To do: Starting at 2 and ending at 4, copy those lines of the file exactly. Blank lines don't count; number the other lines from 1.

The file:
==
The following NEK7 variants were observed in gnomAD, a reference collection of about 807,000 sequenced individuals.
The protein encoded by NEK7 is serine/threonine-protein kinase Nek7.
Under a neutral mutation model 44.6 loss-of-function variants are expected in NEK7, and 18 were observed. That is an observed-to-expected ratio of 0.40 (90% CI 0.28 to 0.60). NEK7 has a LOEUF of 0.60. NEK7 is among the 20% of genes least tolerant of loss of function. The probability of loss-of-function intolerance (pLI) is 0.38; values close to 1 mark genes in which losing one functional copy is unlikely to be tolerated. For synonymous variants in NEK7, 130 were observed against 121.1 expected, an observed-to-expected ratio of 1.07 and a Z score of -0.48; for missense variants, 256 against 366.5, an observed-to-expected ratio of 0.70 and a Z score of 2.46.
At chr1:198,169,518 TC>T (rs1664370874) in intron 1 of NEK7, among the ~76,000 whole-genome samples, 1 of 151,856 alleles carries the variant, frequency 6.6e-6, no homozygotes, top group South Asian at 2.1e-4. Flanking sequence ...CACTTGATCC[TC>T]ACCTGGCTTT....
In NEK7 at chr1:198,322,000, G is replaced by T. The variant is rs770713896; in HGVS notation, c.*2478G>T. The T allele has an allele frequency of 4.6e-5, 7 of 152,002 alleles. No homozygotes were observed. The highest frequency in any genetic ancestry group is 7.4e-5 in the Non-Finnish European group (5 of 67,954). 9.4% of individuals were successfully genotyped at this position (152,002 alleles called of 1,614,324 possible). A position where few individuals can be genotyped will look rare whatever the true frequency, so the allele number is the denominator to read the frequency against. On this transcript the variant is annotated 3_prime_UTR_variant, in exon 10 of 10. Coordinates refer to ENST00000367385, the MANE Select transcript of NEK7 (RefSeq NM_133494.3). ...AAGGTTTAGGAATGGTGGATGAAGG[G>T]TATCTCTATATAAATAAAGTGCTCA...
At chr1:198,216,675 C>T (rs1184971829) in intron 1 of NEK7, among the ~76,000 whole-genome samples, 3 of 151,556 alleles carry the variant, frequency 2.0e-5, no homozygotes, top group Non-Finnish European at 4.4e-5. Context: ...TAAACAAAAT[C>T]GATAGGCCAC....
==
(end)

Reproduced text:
The protein encoded by NEK7 is serine/threonine-protein kinase Nek7.
Under a neutral mutation model 44.6 loss-of-function variants are expected in NEK7, and 18 were observed. That is an observed-to-expected ratio of 0.40 (90% CI 0.28 to 0.60). NEK7 has a LOEUF of 0.60. NEK7 is among the 20% of genes least tolerant of loss of function. The probability of loss-of-function intolerance (pLI) is 0.38; values close to 1 mark genes in which losing one functional copy is unlikely to be tolerated. For synonymous variants in NEK7, 130 were observed against 121.1 expected, an observed-to-expected ratio of 1.07 and a Z score of -0.48; for missense variants, 256 against 366.5, an observed-to-expected ratio of 0.70 and a Z score of 2.46.
At chr1:198,169,518 TC>T (rs1664370874) in intron 1 of NEK7, among the ~76,000 whole-genome samples, 1 of 151,856 alleles carries the variant, frequency 6.6e-6, no homozygotes, top group South Asian at 2.1e-4. Flanking sequence ...CACTTGATCC[TC>T]ACCTGGCTTT....